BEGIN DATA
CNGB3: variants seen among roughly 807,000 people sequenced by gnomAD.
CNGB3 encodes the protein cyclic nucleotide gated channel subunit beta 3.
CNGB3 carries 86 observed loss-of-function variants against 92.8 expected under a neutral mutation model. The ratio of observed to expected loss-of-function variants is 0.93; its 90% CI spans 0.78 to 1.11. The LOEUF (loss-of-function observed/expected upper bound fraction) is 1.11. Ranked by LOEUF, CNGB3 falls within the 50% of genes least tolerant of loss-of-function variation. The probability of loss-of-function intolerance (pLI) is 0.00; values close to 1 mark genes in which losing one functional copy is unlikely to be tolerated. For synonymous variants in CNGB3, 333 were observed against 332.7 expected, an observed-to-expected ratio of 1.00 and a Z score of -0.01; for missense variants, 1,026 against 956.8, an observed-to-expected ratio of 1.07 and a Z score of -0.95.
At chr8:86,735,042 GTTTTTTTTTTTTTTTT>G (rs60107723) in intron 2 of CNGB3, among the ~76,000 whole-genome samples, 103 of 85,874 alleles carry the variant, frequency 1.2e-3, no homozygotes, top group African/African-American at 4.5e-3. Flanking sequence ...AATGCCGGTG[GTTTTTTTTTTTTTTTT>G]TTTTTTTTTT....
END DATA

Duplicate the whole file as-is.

CNGB3: variants seen among roughly 807,000 people sequenced by gnomAD.
CNGB3 encodes the protein cyclic nucleotide gated channel subunit beta 3.
CNGB3 carries 86 observed loss-of-function variants against 92.8 expected under a neutral mutation model. The ratio of observed to expected loss-of-function variants is 0.93; its 90% CI spans 0.78 to 1.11. The LOEUF (loss-of-function observed/expected upper bound fraction) is 1.11. Ranked by LOEUF, CNGB3 falls within the 50% of genes least tolerant of loss-of-function variation. The probability of loss-of-function intolerance (pLI) is 0.00; values close to 1 mark genes in which losing one functional copy is unlikely to be tolerated. For synonymous variants in CNGB3, 333 were observed against 332.7 expected, an observed-to-expected ratio of 1.00 and a Z score of -0.01; for missense variants, 1,026 against 956.8, an observed-to-expected ratio of 1.07 and a Z score of -0.95.
At chr8:86,735,042 GTTTTTTTTTTTTTTTT>G (rs60107723) in intron 2 of CNGB3, among the ~76,000 whole-genome samples, 103 of 85,874 alleles carry the variant, frequency 1.2e-3, no homozygotes, top group African/African-American at 4.5e-3. Flanking sequence ...AATGCCGGTG[GTTTTTTTTTTTTTTTT>G]TTTTTTTTTT....